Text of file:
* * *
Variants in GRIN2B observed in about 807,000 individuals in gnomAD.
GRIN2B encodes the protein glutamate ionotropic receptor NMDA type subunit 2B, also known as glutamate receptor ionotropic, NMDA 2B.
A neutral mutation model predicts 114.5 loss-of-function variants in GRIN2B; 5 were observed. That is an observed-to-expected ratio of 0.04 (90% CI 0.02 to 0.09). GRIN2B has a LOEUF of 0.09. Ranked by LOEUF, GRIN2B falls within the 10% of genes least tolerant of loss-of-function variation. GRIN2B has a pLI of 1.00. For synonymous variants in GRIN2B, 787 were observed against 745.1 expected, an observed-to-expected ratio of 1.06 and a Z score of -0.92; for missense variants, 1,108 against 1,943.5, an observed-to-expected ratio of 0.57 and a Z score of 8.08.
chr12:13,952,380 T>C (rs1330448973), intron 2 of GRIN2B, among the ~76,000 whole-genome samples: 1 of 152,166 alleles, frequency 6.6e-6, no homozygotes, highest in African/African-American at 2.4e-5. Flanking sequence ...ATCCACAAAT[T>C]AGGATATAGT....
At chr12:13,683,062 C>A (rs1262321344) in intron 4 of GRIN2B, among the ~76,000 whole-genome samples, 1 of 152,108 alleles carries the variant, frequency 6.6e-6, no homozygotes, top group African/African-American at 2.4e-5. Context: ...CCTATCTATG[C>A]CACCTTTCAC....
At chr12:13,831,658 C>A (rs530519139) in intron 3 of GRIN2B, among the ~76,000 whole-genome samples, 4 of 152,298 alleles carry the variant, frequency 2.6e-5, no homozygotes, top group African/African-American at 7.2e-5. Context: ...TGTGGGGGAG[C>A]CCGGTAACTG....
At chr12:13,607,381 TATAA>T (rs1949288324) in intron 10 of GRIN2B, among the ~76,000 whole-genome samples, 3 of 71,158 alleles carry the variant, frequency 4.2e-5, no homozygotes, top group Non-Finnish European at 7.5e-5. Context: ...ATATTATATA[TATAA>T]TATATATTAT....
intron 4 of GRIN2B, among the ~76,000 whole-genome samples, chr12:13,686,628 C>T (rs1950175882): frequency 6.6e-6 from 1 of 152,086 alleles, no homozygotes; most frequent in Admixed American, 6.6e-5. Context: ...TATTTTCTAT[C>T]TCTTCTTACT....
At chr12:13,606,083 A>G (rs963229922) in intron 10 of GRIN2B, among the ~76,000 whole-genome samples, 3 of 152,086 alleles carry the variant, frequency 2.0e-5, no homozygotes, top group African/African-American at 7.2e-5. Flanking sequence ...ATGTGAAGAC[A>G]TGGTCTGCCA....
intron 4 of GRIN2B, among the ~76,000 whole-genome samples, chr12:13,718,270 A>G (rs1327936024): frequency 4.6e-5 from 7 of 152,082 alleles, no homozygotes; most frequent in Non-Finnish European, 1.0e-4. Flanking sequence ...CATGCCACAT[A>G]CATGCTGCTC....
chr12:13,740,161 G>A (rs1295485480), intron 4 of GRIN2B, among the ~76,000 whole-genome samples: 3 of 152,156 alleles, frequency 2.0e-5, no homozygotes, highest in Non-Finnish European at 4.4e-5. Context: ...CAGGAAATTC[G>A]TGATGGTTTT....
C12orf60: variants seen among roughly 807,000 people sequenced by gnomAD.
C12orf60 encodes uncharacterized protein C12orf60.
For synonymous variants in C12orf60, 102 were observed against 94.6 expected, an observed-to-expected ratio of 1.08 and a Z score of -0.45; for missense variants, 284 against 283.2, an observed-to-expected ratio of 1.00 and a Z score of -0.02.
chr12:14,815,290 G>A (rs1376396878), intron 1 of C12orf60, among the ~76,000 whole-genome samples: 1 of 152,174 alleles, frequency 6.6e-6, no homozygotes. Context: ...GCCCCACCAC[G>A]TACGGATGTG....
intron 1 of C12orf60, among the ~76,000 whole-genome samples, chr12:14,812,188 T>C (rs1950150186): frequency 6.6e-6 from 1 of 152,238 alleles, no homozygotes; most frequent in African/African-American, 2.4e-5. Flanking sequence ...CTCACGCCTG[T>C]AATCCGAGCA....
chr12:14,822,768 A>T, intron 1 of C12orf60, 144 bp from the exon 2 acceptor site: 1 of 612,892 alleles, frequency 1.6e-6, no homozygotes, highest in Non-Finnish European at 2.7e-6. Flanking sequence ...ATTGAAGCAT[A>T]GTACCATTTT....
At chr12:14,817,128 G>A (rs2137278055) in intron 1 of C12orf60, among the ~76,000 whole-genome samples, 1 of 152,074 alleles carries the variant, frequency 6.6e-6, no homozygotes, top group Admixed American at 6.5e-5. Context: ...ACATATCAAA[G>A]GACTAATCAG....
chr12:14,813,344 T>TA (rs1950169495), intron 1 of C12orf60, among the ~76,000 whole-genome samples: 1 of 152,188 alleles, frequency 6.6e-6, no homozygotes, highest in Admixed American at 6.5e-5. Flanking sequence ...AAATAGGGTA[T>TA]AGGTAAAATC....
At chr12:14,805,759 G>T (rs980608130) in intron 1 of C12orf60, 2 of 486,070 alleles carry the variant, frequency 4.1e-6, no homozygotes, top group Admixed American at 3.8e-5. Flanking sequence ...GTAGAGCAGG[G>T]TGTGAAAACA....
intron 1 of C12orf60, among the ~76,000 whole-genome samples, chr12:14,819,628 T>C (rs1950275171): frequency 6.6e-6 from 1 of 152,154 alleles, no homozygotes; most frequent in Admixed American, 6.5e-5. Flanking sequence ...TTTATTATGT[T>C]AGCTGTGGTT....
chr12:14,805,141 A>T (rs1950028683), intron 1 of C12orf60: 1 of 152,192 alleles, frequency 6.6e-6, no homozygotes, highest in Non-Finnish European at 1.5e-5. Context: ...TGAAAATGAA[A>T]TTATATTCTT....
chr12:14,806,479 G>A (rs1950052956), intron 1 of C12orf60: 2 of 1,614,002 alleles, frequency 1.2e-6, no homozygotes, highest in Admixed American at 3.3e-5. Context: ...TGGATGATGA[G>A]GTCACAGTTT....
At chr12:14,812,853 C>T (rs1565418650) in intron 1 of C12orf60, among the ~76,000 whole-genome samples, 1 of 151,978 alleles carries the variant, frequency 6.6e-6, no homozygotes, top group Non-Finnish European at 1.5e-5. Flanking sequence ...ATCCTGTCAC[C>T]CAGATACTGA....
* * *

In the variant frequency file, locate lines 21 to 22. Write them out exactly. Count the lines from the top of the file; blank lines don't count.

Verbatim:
intron 1 of C12orf60, among the ~76,000 whole-genome samples, chr12:14,819,628 T>C (rs1950275171): frequency 6.6e-6 from 1 of 152,154 alleles, no homozygotes; most frequent in Admixed American, 6.5e-5. Flanking sequence ...TTTATTATGT[T>C]AGCTGTGGTT....
chr12:14,805,141 A>T (rs1950028683), intron 1 of C12orf60: 1 of 152,192 alleles, frequency 6.6e-6, no homozygotes, highest in Non-Finnish European at 1.5e-5. Context: ...TGAAAATGAA[A>T]TTATATTCTT....